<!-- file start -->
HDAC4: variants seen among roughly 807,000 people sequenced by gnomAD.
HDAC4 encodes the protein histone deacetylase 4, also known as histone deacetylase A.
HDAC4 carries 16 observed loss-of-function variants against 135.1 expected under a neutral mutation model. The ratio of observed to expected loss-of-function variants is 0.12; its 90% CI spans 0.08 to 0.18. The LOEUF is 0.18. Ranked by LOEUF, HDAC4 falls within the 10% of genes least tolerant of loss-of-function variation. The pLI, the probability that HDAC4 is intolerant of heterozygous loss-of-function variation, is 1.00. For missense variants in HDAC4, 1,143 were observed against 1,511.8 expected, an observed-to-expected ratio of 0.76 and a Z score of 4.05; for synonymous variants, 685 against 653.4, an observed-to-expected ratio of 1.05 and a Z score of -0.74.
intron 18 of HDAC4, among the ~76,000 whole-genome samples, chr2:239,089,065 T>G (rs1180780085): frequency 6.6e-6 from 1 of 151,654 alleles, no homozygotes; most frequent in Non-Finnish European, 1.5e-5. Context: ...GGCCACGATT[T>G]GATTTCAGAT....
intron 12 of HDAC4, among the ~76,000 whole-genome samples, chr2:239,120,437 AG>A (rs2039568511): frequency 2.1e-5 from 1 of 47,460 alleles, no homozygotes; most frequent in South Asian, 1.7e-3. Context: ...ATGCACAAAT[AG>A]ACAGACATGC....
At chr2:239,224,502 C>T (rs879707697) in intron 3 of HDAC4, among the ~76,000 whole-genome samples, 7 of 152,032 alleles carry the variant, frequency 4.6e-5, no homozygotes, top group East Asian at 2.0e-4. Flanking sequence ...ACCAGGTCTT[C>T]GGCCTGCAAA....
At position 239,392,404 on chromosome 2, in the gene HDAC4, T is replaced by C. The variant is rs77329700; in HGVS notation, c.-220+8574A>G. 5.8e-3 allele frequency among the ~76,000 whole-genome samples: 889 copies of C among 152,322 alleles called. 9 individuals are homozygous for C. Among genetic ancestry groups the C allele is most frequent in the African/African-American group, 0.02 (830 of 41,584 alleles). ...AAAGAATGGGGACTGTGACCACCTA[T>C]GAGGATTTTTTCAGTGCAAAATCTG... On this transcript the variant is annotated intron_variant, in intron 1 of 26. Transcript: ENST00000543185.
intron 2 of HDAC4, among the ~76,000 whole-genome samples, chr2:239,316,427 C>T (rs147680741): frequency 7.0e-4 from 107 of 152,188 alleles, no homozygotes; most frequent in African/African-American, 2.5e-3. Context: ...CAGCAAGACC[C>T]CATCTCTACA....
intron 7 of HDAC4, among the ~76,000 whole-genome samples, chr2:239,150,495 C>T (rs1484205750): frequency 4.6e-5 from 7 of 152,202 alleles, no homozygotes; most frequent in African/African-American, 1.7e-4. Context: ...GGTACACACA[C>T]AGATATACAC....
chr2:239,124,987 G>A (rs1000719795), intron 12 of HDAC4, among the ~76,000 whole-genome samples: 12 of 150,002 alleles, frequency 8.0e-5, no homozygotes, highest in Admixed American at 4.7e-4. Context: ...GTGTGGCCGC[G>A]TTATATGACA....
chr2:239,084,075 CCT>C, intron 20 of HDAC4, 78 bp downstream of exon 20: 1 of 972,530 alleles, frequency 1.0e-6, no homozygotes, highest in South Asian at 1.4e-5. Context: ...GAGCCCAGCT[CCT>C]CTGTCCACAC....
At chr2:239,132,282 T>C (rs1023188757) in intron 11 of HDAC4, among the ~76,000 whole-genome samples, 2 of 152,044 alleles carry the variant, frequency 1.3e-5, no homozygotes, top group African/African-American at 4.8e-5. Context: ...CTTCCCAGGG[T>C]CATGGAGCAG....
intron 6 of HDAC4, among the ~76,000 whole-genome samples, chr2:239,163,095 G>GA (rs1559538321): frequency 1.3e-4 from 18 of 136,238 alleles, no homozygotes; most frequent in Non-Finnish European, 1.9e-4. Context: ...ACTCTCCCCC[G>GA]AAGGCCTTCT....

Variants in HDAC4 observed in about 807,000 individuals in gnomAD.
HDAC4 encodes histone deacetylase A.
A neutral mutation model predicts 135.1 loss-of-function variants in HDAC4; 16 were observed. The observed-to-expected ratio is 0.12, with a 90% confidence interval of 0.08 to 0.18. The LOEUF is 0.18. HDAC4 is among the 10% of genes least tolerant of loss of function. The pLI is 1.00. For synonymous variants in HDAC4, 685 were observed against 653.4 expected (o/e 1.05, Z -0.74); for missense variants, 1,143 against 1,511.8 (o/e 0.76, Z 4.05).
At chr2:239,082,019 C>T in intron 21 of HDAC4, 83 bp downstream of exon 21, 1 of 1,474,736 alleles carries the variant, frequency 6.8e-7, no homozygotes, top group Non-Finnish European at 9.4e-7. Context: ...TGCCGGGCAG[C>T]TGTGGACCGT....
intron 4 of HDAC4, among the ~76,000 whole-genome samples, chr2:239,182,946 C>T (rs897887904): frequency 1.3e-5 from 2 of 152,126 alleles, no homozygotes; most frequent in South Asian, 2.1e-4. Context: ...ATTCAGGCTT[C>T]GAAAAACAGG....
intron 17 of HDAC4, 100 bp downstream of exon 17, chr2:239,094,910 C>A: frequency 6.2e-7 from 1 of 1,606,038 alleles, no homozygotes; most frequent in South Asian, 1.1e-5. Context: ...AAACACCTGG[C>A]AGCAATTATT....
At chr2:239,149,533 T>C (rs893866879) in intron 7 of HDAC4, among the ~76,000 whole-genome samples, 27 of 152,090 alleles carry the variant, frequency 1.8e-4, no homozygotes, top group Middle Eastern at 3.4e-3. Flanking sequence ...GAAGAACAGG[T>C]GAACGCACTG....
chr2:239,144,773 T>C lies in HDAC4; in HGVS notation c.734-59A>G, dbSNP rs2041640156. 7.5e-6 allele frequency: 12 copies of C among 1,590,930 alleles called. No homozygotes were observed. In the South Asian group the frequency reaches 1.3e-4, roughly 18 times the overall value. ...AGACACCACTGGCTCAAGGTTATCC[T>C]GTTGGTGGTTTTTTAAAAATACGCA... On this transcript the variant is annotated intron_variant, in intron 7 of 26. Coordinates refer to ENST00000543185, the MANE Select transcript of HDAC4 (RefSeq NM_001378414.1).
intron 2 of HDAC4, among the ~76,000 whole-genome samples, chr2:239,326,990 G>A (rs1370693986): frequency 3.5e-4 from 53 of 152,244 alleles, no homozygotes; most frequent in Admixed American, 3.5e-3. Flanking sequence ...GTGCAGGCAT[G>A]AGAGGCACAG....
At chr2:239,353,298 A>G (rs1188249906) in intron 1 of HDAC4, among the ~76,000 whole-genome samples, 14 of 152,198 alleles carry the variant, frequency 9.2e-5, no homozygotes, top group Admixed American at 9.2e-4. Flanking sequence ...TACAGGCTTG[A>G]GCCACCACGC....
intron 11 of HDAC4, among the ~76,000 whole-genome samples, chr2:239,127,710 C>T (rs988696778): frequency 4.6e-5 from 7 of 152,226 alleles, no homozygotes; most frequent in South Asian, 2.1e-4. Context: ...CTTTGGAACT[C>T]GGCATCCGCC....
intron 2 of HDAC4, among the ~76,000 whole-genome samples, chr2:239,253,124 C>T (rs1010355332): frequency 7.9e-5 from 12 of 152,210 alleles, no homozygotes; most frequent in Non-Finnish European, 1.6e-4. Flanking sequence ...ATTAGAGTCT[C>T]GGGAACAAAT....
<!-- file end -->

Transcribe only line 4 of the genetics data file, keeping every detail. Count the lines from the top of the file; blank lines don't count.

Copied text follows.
intron 18 of HDAC4, among the ~76,000 whole-genome samples, chr2:239,089,065 T>G (rs1180780085): frequency 6.6e-6 from 1 of 151,654 alleles, no homozygotes; most frequent in Non-Finnish European, 1.5e-5. Context: ...GGCCACGATT[T>G]GATTTCAGAT....